Within the Oncidiinae tribe of orchids are the two closely allied genera of Ada and Brassia. The genus Brassia in particular includes a number of plants which produce spectacular 'spider' like flowers, and which are comparatively easy to grow. Most species produce flowers which give off a pervading pleasant fragrance, especially during warm daylight hours, which is an added attraction. For many years they have not been especially popular plants, but are now being recognised for their true worth. Some hybridisation within the genus has taken place in comparatively recent years, with also some intergeneric breeding completed, in some cases producing most interesting results.

As will be discussed later, the genus Brassia contains plants which fall into two main groupings, one of which shows many characteristics which distinguish plants of the genus Ada; therefore this review from available literature will cover both these genera.

The genus Brassia was founded by the English botanist Robert Brown in 1813. It was named in honour of William Brass, a botanical artist and collector for Kew Gardens in the early decades of the nineteenth century. It is ironical that as Brass collected mainly in South Africa, he was never in fact involved in the Central and South American genus that bears his name. The first descriptions were on the basis of the species B. maculata, which had been imported from Jamaica in the early part of the century (1806), and which was the first species to be cultivated in Europe. Since the founding of the genus, some 74 species have at some stage been described as Brassias. The majority of these have now, however, been reduced by synonyms in recent taxonomic studies, with only 2 to 3 dozen valid species remaining.

In 1863 Reichenbach f. transferred all the Brassias then known into the genus Oncidium. Lindley in 1853, confirmed that the distinction between the genera Brassia and Oncidium was slim. Brassias are distinguished by their very short earless column, and a lip which is not lobed, bearing a callus of two parallel ridges, combined with elongated lateral sepals. Because of their readily distinguished flowers, most botanists have continued to maintain the Brassias as a separate genus, to save endless confusion with labels which would arise if amalgamation was confirmed, and partly because there appears to be a distinction readily apparent to most growers.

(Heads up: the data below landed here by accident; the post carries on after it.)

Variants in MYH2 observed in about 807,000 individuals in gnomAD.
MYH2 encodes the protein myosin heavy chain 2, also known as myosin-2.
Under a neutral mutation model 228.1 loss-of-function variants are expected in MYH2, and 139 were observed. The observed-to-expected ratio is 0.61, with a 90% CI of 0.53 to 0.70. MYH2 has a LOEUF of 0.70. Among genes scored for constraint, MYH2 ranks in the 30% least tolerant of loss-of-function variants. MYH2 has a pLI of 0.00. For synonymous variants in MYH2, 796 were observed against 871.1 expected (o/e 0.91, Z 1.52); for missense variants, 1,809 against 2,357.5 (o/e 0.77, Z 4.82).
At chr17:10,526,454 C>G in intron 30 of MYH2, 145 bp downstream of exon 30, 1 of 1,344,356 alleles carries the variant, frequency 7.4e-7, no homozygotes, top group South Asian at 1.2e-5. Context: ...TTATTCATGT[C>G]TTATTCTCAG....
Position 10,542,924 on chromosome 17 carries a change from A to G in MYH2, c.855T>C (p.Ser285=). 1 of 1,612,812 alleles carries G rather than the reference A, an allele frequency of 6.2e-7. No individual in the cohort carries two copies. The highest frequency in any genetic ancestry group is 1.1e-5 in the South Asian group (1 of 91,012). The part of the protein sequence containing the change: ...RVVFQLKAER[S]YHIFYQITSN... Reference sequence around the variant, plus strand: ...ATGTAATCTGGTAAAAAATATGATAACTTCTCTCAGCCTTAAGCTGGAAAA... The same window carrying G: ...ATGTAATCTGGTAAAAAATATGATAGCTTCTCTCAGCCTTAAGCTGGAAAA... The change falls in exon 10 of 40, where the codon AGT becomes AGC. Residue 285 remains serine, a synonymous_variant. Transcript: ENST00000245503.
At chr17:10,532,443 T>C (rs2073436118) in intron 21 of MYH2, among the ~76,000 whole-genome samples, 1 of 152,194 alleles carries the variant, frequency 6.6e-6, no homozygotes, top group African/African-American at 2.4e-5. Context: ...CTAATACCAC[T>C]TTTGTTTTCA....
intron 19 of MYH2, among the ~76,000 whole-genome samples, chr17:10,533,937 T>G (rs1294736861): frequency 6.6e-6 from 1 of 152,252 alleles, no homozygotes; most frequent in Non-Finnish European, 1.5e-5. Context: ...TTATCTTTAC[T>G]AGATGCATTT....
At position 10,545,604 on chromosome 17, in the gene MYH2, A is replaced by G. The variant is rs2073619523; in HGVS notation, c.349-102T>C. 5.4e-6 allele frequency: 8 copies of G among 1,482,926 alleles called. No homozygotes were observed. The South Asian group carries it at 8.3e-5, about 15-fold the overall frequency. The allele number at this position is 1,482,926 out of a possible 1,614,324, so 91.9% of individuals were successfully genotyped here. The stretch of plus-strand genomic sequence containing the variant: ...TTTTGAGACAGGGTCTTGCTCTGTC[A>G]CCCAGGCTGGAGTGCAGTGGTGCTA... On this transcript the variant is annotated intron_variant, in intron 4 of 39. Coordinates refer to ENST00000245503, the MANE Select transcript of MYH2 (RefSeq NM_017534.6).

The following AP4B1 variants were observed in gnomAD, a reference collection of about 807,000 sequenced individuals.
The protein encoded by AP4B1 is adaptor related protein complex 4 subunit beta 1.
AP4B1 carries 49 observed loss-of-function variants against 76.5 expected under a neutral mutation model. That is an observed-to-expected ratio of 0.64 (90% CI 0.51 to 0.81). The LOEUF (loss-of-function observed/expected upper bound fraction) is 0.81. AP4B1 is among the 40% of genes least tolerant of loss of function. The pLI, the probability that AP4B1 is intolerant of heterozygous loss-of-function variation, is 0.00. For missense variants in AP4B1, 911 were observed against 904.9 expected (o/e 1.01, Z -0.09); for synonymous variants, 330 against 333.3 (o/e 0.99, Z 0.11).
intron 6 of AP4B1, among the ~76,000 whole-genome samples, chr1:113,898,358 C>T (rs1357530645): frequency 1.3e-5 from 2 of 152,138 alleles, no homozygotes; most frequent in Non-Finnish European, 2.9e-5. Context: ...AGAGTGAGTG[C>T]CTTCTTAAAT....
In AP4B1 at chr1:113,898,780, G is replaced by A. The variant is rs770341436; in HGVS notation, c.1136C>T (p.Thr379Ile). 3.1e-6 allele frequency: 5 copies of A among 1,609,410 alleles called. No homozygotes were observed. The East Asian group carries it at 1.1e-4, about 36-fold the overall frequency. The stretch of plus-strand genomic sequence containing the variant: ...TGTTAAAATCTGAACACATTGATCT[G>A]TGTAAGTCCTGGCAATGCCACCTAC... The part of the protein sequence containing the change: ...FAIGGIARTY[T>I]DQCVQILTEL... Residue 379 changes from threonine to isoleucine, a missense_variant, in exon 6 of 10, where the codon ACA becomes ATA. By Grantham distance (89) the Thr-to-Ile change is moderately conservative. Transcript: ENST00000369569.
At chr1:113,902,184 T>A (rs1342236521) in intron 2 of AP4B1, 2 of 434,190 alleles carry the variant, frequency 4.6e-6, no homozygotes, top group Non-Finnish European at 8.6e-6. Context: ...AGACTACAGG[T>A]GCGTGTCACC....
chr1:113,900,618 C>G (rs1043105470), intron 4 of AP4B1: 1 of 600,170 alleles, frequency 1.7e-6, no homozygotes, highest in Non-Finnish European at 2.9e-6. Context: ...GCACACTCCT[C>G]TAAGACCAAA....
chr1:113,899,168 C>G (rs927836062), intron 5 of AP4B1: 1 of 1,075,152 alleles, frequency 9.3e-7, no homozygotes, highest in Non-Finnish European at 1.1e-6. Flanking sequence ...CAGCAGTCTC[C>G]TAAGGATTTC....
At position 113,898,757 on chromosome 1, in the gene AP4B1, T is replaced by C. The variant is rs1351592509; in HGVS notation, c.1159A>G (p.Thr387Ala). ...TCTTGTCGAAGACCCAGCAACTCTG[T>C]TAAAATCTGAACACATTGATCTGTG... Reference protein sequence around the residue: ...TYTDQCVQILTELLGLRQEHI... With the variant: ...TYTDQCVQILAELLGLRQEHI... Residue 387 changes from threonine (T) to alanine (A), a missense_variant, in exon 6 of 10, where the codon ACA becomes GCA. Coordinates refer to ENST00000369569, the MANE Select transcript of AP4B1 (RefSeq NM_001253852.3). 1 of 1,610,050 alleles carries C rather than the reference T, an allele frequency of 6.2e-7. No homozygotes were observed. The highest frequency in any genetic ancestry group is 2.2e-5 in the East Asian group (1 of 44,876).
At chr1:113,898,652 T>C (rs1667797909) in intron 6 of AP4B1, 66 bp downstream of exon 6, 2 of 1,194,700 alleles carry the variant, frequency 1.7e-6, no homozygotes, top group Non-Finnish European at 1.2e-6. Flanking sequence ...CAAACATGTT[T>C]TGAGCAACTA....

Two major groupings of somewhat similar species of Brassias can be identified, and in 1853 Lindley sectioned the genus into the Eubrassia ('true brassia'), similar to B. maculata, and the Glumacea, similar to the species B. glumacea. The sections are distinct, the most obvious distinguishing characteristic being the large papery floral bracts of the Glumacea, which sheath the pedicel completely as compared with the small basally clasping bracts of the Eubrassia. The Eubrassia have prominent pseudo-
bulbs with 2 to 3 basal bracts, which never sheath the mature pseudobulbs. The Glumacea produce, on well grown specimens, 2 to 3 inflorescences per growth; the Eubrassia only 1, or rarely 2.

The natural habitats also appear to confirm the establishment of the two subgenera. The Eubrassia extended at one time from Florida throughout central America to northern America, principally in lowland fairly dry tropical areas, although one species, B. verrucosa, is frequently encountered in high elevation cloud forests. The Glumacea species are generally only localised in these higher elevation cloud forests.

In reviewing this genus, botanists found that the features which serve to distinguish Eubrassias from the Glumacea are similar to the characteristics of the genus Ada. While this affinity is recognised, the genus Ada has not generally been amalgamated with the Brassia glumacea species, although Williams, in 1972, did take this step.

The genus Ada was founded in 1854 for the single Andean species A. aurantica. There seems to be little affinity between the Glumacea and Ada based on external flower form. However, on opening up Ada auranticia, a flower is discovered con- forming in many ways to the Glumacea, except in its colour.

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